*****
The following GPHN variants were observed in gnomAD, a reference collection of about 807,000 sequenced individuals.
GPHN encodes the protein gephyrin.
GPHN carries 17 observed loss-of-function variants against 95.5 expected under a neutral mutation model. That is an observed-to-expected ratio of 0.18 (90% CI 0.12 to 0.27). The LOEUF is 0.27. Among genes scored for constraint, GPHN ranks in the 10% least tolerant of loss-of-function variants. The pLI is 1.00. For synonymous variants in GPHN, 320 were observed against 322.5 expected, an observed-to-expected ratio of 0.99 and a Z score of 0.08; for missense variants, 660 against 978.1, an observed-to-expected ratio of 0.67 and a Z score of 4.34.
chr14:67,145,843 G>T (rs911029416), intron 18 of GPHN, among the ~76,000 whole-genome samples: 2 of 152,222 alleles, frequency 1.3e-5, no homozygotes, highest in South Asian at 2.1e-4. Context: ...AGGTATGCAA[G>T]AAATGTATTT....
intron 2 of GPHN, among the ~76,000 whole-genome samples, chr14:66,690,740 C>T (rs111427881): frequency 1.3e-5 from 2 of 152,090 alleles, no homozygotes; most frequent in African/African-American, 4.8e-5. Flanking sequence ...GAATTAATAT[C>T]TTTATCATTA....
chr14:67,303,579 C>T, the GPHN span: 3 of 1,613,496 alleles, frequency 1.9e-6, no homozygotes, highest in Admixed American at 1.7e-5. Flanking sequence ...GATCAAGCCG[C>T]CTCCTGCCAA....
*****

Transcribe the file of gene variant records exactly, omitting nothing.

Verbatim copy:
The following GPHN variants were observed in gnomAD, a reference collection of about 807,000 sequenced individuals.
GPHN encodes the protein gephyrin.
GPHN carries 17 observed loss-of-function variants against 95.5 expected under a neutral mutation model. That is an observed-to-expected ratio of 0.18 (90% CI 0.12 to 0.27). The LOEUF is 0.27. Among genes scored for constraint, GPHN ranks in the 10% least tolerant of loss-of-function variants. The pLI is 1.00. For synonymous variants in GPHN, 320 were observed against 322.5 expected, an observed-to-expected ratio of 0.99 and a Z score of 0.08; for missense variants, 660 against 978.1, an observed-to-expected ratio of 0.67 and a Z score of 4.34.
chr14:67,145,843 G>T (rs911029416), intron 18 of GPHN, among the ~76,000 whole-genome samples: 2 of 152,222 alleles, frequency 1.3e-5, no homozygotes, highest in South Asian at 2.1e-4. Context: ...AGGTATGCAA[G>T]AAATGTATTT....
intron 2 of GPHN, among the ~76,000 whole-genome samples, chr14:66,690,740 C>T (rs111427881): frequency 1.3e-5 from 2 of 152,090 alleles, no homozygotes; most frequent in African/African-American, 4.8e-5. Flanking sequence ...GAATTAATAT[C>T]TTTATCATTA....
chr14:67,303,579 C>T, the GPHN span: 3 of 1,613,496 alleles, frequency 1.9e-6, no homozygotes, highest in Admixed American at 1.7e-5. Flanking sequence ...GATCAAGCCG[C>T]CTCCTGCCAA....